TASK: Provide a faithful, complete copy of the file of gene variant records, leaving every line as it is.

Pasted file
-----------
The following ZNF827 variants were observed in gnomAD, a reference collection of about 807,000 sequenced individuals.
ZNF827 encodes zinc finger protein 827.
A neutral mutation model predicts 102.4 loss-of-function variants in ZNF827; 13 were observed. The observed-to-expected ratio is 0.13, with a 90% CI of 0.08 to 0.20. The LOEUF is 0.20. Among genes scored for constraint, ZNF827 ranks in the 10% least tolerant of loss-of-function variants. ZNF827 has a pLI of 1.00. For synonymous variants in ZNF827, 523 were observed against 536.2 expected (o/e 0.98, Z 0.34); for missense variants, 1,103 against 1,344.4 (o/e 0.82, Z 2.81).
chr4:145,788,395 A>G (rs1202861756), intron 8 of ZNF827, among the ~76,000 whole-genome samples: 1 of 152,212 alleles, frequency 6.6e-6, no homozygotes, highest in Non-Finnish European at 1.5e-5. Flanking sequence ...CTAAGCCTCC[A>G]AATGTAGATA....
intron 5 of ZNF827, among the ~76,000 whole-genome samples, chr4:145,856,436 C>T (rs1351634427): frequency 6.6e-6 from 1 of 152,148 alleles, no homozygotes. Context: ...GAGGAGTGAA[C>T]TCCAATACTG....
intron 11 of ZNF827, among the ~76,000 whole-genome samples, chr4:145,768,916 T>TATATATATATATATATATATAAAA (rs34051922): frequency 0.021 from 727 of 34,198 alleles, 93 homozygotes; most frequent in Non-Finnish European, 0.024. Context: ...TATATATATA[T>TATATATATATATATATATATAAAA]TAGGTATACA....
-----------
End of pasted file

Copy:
The following ZNF827 variants were observed in gnomAD, a reference collection of about 807,000 sequenced individuals.
ZNF827 encodes zinc finger protein 827.
A neutral mutation model predicts 102.4 loss-of-function variants in ZNF827; 13 were observed. The observed-to-expected ratio is 0.13, with a 90% CI of 0.08 to 0.20. The LOEUF is 0.20. Among genes scored for constraint, ZNF827 ranks in the 10% least tolerant of loss-of-function variants. ZNF827 has a pLI of 1.00. For synonymous variants in ZNF827, 523 were observed against 536.2 expected (o/e 0.98, Z 0.34); for missense variants, 1,103 against 1,344.4 (o/e 0.82, Z 2.81).
chr4:145,788,395 A>G (rs1202861756), intron 8 of ZNF827, among the ~76,000 whole-genome samples: 1 of 152,212 alleles, frequency 6.6e-6, no homozygotes, highest in Non-Finnish European at 1.5e-5. Flanking sequence ...CTAAGCCTCC[A>G]AATGTAGATA....
intron 5 of ZNF827, among the ~76,000 whole-genome samples, chr4:145,856,436 C>T (rs1351634427): frequency 6.6e-6 from 1 of 152,148 alleles, no homozygotes. Context: ...GAGGAGTGAA[C>T]TCCAATACTG....
intron 11 of ZNF827, among the ~76,000 whole-genome samples, chr4:145,768,916 T>TATATATATATATATATATATAAAA (rs34051922): frequency 0.021 from 727 of 34,198 alleles, 93 homozygotes; most frequent in Non-Finnish European, 0.024. Context: ...TATATATATA[T>TATATATATATATATATATATAAAA]TAGGTATACA....